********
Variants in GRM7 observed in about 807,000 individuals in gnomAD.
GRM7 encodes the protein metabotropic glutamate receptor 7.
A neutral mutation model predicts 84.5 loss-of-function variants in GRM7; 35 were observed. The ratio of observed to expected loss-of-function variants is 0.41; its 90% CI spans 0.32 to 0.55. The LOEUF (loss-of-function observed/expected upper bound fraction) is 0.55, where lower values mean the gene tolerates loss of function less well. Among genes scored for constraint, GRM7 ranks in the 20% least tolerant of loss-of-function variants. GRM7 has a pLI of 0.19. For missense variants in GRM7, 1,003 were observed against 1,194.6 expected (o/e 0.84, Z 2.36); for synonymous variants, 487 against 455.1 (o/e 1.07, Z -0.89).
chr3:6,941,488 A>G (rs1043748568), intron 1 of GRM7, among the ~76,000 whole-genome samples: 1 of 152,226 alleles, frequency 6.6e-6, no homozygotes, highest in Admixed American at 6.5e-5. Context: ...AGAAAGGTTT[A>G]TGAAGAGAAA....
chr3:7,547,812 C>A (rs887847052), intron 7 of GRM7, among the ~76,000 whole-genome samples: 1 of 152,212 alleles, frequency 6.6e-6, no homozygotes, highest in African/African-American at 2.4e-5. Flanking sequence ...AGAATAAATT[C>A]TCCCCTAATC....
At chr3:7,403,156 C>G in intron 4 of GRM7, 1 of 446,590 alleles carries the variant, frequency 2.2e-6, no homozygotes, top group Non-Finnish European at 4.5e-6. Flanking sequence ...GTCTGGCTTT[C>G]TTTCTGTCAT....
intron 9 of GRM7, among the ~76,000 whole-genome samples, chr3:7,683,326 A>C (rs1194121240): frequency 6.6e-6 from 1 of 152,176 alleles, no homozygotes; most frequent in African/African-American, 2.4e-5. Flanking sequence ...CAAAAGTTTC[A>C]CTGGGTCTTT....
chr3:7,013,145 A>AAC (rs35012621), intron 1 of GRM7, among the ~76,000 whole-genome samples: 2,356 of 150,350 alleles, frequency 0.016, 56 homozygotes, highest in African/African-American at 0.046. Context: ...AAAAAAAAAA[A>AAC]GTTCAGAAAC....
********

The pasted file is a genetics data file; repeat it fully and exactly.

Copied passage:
Variants in GRM7 observed in about 807,000 individuals in gnomAD.
GRM7 encodes the protein metabotropic glutamate receptor 7.
A neutral mutation model predicts 84.5 loss-of-function variants in GRM7; 35 were observed. The ratio of observed to expected loss-of-function variants is 0.41; its 90% CI spans 0.32 to 0.55. The LOEUF (loss-of-function observed/expected upper bound fraction) is 0.55, where lower values mean the gene tolerates loss of function less well. Among genes scored for constraint, GRM7 ranks in the 20% least tolerant of loss-of-function variants. GRM7 has a pLI of 0.19. For missense variants in GRM7, 1,003 were observed against 1,194.6 expected (o/e 0.84, Z 2.36); for synonymous variants, 487 against 455.1 (o/e 1.07, Z -0.89).
chr3:6,941,488 A>G (rs1043748568), intron 1 of GRM7, among the ~76,000 whole-genome samples: 1 of 152,226 alleles, frequency 6.6e-6, no homozygotes, highest in Admixed American at 6.5e-5. Context: ...AGAAAGGTTT[A>G]TGAAGAGAAA....
chr3:7,547,812 C>A (rs887847052), intron 7 of GRM7, among the ~76,000 whole-genome samples: 1 of 152,212 alleles, frequency 6.6e-6, no homozygotes, highest in African/African-American at 2.4e-5. Flanking sequence ...AGAATAAATT[C>A]TCCCCTAATC....
At chr3:7,403,156 C>G in intron 4 of GRM7, 1 of 446,590 alleles carries the variant, frequency 2.2e-6, no homozygotes, top group Non-Finnish European at 4.5e-6. Flanking sequence ...GTCTGGCTTT[C>G]TTTCTGTCAT....
intron 9 of GRM7, among the ~76,000 whole-genome samples, chr3:7,683,326 A>C (rs1194121240): frequency 6.6e-6 from 1 of 152,176 alleles, no homozygotes; most frequent in African/African-American, 2.4e-5. Flanking sequence ...CAAAAGTTTC[A>C]CTGGGTCTTT....
chr3:7,013,145 A>AAC (rs35012621), intron 1 of GRM7, among the ~76,000 whole-genome samples: 2,356 of 150,350 alleles, frequency 0.016, 56 homozygotes, highest in African/African-American at 0.046. Context: ...AAAAAAAAAA[A>AAC]GTTCAGAAAC....